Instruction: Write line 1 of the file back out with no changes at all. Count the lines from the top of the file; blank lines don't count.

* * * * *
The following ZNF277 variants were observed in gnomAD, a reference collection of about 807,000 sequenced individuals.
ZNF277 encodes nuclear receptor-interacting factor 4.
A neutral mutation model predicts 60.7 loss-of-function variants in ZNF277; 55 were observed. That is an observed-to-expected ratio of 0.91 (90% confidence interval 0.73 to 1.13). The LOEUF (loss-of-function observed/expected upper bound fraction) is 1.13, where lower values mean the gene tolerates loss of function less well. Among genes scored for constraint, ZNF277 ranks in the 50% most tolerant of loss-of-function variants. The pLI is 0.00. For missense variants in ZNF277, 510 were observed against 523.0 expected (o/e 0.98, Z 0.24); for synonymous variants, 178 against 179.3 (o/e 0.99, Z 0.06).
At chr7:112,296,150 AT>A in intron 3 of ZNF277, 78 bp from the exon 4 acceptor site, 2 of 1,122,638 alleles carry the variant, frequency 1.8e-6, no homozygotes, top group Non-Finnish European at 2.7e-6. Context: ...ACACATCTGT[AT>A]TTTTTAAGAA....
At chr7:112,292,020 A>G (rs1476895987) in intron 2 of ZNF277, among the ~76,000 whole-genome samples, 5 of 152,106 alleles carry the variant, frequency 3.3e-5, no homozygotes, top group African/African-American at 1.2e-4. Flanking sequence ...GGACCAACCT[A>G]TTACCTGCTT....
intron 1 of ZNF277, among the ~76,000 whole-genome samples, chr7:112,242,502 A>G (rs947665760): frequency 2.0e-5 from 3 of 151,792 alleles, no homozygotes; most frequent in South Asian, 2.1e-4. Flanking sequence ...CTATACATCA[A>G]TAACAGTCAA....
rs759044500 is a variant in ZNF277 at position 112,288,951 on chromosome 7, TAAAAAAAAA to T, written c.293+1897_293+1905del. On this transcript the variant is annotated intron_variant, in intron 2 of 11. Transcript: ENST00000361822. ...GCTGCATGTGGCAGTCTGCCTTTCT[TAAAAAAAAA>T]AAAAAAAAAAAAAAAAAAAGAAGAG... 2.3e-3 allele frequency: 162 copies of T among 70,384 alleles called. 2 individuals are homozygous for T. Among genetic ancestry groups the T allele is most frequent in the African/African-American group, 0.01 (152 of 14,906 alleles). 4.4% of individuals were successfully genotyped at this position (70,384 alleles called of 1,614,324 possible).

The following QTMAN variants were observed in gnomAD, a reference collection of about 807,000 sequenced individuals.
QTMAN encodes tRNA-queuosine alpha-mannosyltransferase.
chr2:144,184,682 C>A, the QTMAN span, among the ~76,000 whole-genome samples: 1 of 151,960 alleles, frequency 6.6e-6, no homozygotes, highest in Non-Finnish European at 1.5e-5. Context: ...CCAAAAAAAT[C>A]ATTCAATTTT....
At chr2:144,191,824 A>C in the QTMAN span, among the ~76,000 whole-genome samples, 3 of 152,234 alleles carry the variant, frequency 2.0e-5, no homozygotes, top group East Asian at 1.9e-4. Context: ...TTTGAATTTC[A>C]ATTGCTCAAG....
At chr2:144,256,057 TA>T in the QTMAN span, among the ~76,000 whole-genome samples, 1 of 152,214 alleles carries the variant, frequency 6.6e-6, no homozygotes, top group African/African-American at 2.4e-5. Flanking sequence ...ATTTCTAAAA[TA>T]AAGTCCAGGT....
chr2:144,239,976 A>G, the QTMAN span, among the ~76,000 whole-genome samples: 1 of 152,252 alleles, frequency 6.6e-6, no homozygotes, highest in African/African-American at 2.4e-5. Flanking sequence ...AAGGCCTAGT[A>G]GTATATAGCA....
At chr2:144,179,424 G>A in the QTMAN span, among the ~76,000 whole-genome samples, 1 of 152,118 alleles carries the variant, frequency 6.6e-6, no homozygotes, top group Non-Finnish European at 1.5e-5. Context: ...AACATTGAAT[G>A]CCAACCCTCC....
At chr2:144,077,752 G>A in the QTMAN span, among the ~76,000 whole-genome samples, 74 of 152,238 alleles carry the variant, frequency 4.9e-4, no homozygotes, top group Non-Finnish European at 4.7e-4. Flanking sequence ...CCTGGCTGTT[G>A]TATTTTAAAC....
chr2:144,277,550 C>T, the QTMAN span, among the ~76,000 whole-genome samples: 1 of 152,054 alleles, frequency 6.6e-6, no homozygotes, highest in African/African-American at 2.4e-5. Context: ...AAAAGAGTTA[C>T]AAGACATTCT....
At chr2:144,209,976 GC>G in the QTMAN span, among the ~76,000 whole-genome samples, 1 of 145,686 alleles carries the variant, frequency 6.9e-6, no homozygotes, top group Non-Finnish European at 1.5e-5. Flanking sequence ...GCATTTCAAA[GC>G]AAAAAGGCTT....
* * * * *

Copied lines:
The following ZNF277 variants were observed in gnomAD, a reference collection of about 807,000 sequenced individuals.